I’ve had many conversations in the past with bands, songwriters, and even label reps about the practice of selling promo copies of CDs. Several of them have expressed frustration concerning the practice.
When a new CD comes out several hundred are usually slated for promotional use and sent to DJs, reviewers, etc. These discs are usually marked by having a hole punch taken to the barcode, and/or a label stating the uses for which the disc is authorized.
Before long, the promo copies start turning up in bins at used CD stores.
It costs money to produce a CD from start to finish. Each individual disc has a cost associated with it. The cost of the promotional discs is a factor, and it must be decided at the outset how heavily you wish to promote the project and the total number of discs you wish to make available for said purpose. There is a cost involved.
When a promo disc ends up being resold, it costs in two ways.
The first is the fact that the artist, label, and songwriter are seeing no revenue from the promo disc, so if someone purchases one instead of a regular CD, these parties all lose that income.
The second cost is in the loss of whatever promotional purpose that CD had been designated for. To be sure, it could have been a review copy and the reviewer could have done their job and then decided to clean out their office by taking all these discs to the used record store. In that case, the promotion was accomplished. But if it was a radio copy that ended up being resold, then the band has lost the promotional aspects of having that CD played on air.
The practice of selling these discs has always been looked upon as somewhat shady by the artists, songwriters, and labels. It was recently approved by a federal judge though, who ruled that such resale activities “are protected under the first sale doctrine.”
By sending the Promo CDs to music industry insiders, UMG transferred title to those insiders and the Promo CDs are subject to the first sale doctrine.
The first sale doctrine allows the purchaser of a copyrighted work to transfer (sell or give away) the copy of the work they purchased without obtaining permission from the copyright holder. If the work was not purchased though, but rather was sent out for promotion, the labels have always felt they retained rights of control on that copy. Promotional CDs we have received here at Bluegrass Today have come affixed with stickers to that effect. The labels attach this sticker and consider that a license for use by the recipient, but not title to the disc, which remains the property of the label. US District Court Judge, S. James Otero says otherwise.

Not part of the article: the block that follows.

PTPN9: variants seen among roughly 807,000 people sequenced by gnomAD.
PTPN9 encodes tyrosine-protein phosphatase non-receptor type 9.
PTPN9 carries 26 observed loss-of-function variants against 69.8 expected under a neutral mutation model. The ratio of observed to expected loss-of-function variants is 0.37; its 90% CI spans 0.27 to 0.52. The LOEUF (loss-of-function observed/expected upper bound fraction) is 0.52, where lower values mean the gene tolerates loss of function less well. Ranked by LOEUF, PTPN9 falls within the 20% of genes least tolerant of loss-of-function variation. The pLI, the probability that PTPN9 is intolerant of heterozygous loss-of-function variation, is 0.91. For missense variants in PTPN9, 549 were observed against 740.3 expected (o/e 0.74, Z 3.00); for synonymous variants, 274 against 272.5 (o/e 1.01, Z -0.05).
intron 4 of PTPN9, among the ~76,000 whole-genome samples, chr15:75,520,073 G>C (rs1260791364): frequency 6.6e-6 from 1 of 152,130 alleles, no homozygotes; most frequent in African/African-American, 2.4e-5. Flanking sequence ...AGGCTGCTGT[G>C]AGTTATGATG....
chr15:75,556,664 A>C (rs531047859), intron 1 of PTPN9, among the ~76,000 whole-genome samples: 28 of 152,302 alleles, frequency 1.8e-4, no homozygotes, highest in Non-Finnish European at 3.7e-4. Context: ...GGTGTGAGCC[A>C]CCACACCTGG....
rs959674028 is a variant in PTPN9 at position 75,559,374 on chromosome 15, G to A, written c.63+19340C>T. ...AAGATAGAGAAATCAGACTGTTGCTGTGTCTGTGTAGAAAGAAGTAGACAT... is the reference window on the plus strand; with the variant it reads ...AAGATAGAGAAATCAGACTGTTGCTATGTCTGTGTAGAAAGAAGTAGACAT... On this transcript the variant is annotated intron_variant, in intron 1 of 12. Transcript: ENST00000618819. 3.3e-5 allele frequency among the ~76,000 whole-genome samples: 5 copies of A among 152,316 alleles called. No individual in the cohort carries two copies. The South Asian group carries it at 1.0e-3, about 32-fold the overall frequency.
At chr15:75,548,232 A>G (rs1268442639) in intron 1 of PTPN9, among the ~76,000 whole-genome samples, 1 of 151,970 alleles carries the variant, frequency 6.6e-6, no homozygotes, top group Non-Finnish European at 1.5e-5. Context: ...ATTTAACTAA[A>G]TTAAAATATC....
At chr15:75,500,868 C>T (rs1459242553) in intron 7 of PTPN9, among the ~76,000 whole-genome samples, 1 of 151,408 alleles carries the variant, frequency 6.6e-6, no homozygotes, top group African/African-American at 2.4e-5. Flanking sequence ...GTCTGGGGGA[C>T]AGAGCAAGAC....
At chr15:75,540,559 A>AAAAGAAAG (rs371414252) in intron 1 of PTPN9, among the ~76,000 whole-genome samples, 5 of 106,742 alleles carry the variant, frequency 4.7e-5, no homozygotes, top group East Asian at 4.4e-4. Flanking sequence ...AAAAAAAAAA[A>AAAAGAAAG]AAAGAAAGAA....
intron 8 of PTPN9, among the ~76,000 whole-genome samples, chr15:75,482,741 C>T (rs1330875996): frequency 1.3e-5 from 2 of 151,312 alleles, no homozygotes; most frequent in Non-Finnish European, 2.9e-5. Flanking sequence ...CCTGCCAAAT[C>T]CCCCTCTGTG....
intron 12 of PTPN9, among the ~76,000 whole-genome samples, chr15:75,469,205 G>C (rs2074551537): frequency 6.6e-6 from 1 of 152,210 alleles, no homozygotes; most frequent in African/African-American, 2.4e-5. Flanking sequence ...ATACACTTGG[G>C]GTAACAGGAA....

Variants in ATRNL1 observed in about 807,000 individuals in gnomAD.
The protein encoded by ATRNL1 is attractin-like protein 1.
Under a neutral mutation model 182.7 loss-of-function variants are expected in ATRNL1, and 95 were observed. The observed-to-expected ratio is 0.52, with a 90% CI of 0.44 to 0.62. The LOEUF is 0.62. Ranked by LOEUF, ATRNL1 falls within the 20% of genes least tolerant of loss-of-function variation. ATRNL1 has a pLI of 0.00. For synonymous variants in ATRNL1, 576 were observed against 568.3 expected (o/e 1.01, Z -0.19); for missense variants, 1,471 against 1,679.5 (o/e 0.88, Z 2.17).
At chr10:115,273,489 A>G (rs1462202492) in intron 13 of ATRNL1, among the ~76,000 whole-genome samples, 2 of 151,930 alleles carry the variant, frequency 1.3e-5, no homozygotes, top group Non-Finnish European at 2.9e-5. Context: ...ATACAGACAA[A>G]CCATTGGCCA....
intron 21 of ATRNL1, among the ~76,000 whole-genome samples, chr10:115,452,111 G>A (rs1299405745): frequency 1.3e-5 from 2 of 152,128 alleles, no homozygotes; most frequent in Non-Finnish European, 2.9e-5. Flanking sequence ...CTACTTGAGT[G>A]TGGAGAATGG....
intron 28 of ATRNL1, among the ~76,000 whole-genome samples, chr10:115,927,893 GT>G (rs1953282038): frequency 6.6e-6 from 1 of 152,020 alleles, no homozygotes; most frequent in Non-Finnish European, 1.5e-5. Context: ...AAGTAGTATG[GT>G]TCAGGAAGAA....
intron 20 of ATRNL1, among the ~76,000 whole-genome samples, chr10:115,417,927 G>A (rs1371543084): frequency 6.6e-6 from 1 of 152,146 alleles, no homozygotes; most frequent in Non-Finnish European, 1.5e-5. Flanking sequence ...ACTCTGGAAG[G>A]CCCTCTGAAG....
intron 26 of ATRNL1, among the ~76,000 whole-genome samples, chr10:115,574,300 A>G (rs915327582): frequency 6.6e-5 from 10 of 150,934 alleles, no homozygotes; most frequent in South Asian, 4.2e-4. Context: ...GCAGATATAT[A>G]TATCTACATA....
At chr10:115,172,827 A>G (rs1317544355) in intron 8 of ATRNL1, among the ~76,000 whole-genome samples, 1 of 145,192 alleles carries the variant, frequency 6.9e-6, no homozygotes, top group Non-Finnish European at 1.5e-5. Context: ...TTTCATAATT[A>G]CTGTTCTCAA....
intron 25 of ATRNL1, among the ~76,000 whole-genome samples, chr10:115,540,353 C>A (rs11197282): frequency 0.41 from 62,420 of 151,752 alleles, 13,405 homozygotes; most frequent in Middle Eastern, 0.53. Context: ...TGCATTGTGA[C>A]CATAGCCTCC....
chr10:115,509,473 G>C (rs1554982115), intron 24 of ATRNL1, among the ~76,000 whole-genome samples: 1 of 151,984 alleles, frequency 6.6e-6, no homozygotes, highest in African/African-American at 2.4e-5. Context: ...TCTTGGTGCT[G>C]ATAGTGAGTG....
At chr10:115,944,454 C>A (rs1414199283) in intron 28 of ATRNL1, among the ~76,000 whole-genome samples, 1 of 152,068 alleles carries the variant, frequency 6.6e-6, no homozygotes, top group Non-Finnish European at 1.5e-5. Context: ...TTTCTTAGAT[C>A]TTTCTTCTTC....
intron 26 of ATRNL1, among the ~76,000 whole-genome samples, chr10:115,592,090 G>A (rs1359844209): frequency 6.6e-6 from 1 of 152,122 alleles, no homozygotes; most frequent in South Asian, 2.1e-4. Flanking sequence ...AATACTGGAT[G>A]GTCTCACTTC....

UMG mistakes the music industry insider’s actions ‚Äì keeping the Promo CDs ‚Äì as accepting the license, when those actions are perfectly consistent with treating the merchandise as a gift. In fact, those music industry insiders whose Promo CDs ultimately ended up in Augusto’s possession affirmatively refuted the license agreement by transferring possession to somebody else, an act prohibited by UMG’s license language.
In essence, what the judge said was that giving away a copy for promotional use has the same effect as selling a copy commercially, insofar as the rights of the copyright holder are concerned.
We still urge you to support the bands, songwriters, and labels who create the music you enjoy, by purchasing a regular commercial copy of the product.